Device API Encryption Requirements
Murano device APIs only supports secure communication with TLS encryption.
Q. Why does Murano not support plain TCP connections?
A. IoT-Devices communicate information which are expected to be true by users. Data communication over a public network, such as the Internet, has no guarantees of data integrity during the transport. In other words, data from and to your devices could easily be read and changed by anonymous 3rd party, making your product UN-TRUSTABLE.
Supported TLS Version
- TLSv1 (If enabled)
- TLSv1.1 (If enabled)
By default only TLSv1.2 is supported as older versions have known security weaknesses allowing 3rd parties to impersonate your device and potentially access and compromise transmitted data.
To support legacy hardware, such legacy versions can be enabled per IoT-Connector while device maker is made fully aware of the risk.
You can check your TLS security settings robustness on https://www.ssllabs.com/ssltest/.
When making a secure TLS connection attempt to the API domain, it is required to specify the domain as the SNI field in the TLS connection request.
SNI stands for Server Name Indication, which is an extension to the Transport Layer Security (TLS) computer networking protocol by which a client indicates which host-name it is attempting to connect to at the start of the handshaking process. This allows Murano IoT platform to present multiple certificates on the same IP address and provide a dedicated certificate to each of the IoT device products (aka IoT Connectors) for high security. Most of the modern Web browsers and HTTP/MQTT clients have already supported the SNI feature behind the scenes during the TLS handshake process for secure HTTP/MQTT connections.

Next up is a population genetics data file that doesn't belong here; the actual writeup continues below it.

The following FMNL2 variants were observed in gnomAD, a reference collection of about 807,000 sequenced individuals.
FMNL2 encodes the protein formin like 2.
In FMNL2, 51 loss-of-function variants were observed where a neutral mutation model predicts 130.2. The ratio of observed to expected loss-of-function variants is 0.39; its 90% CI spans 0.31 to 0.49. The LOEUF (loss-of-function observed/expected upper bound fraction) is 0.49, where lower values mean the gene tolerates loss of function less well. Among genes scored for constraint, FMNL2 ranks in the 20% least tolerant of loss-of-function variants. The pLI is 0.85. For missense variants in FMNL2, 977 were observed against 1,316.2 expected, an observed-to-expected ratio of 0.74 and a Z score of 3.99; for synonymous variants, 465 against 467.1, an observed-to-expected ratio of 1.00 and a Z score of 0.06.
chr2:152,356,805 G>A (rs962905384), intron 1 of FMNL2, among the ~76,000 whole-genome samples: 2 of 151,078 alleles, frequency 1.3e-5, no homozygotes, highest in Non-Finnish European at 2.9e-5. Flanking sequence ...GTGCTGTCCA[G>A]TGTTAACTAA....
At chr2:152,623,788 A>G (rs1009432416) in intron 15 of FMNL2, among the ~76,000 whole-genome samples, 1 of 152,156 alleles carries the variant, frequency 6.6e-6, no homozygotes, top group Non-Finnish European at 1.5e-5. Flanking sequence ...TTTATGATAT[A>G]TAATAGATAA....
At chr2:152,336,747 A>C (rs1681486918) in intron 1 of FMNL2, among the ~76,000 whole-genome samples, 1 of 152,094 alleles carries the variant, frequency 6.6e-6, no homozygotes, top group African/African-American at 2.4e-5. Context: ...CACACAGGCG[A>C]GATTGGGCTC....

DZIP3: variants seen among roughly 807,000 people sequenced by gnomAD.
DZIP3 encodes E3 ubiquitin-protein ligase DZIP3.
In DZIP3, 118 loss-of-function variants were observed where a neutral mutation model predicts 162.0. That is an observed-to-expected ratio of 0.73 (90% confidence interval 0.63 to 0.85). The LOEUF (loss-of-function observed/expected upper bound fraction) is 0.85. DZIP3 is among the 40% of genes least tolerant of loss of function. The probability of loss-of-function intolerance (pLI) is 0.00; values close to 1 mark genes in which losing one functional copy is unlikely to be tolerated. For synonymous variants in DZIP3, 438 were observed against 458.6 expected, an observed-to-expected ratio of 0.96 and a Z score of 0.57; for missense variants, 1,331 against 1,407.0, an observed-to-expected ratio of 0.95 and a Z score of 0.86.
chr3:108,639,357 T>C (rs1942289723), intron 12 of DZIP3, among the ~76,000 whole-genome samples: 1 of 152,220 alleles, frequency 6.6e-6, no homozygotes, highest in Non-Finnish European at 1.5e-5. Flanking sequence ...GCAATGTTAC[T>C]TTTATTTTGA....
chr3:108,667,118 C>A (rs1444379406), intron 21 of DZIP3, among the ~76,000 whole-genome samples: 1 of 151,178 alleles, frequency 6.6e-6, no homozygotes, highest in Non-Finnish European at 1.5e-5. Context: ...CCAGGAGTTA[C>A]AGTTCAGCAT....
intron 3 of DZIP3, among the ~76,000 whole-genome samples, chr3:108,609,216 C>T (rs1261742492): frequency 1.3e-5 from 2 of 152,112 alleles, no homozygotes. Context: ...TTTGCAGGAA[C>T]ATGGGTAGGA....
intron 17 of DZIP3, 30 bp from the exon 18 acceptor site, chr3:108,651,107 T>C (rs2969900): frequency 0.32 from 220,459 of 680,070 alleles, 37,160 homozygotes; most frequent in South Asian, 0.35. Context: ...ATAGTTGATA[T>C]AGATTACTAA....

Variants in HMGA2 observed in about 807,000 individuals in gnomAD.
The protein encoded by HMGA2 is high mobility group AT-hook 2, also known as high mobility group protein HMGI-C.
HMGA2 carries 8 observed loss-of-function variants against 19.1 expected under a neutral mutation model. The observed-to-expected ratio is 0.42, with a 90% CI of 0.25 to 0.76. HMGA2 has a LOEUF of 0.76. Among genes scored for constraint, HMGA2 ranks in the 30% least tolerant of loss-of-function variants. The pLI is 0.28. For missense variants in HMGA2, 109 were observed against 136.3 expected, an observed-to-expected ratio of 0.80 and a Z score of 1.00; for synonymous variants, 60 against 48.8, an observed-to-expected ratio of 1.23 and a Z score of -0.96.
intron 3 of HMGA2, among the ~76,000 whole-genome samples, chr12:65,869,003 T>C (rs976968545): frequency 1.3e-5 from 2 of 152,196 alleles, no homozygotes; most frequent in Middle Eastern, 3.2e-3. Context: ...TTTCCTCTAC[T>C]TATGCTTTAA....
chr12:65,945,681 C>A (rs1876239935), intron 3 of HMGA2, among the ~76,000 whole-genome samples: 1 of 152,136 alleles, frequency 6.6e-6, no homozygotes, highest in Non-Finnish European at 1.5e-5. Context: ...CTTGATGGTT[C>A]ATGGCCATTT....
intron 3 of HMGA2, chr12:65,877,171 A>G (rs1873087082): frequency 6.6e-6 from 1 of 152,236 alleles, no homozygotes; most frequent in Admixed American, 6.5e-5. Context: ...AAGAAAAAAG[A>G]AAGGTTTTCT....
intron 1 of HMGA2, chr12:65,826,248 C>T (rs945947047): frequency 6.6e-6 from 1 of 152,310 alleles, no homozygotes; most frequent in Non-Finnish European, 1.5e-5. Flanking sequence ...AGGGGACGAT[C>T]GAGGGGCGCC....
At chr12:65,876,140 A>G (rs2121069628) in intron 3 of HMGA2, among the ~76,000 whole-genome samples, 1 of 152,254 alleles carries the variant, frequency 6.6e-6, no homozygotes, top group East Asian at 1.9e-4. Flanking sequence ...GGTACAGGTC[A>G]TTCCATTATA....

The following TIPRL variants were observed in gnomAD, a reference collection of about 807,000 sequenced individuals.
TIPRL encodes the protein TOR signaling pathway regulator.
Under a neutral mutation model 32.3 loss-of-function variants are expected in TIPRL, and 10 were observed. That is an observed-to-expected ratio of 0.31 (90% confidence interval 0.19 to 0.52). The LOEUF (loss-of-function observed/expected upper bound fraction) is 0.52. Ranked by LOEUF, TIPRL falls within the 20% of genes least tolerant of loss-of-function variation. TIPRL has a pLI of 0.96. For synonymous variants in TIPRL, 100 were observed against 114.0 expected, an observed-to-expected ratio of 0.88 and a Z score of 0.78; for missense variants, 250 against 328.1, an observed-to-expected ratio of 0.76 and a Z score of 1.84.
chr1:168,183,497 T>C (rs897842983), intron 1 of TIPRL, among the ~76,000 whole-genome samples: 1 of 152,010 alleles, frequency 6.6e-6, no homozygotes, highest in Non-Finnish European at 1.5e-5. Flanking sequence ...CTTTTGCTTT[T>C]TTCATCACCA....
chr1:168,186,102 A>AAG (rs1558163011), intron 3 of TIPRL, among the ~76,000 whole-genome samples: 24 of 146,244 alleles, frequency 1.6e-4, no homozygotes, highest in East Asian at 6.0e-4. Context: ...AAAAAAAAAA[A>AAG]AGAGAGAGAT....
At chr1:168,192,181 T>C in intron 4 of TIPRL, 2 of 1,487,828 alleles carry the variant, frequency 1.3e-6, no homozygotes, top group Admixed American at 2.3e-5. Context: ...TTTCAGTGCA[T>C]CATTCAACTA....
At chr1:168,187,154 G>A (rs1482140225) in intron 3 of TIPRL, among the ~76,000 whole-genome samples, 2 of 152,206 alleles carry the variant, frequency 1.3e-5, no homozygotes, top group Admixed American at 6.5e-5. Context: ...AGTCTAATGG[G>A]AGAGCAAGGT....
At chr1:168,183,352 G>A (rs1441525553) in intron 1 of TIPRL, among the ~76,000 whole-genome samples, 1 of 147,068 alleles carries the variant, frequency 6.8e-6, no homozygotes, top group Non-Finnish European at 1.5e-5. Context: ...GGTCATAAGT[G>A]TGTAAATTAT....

More technical details about SNI and TLS handshake can be found in the following references:
- Server Name Indication from Wikipedia
- Server Name Indication (SNI): Use Multiple SSL Certificates on One IP
- What Happens in a TLS Handshake?
Supported TLS Ciphers
A cipher is an encryption algorithm that uses encryption keys to create a coded message. Protocols use several ciphers to encrypt data over the internet. During the connection negotiation process, the client and the server present a list of ciphers and protocols that they each support, in order of preference. By default, the first cipher on the server's list that matches any one of the client's ciphers is selected for the secure connection.
The following table describes the supported cipher suites for Device Connectivity.
|TLS Cipher Suites||Protocol-TLSv1||Protocol-TLSv1.1||Protocol-TLSv1.2|
Root Server Certificates
The following root server certificates are available to download for establishing secure connections with Murano IoT platform. The
Exosite Root CA RSA 2048 certificate is self-signed therefore its expiration time is much longer.
|Base Name||Valid Until||Download Link||When to Use|
|Exosite Root CA RSA 2048||Jun. 13, 2058||.cer .crt||When device cannot remotely replace its certificate. (eg. hardcoded firmware)|
|DigiCert Global Root CA||Nov. 10, 2031||.cer .crt||When device is an operating system with regular security updates (linux/IoS/Android/Windows). In such case you usually also don't need to download & install it.|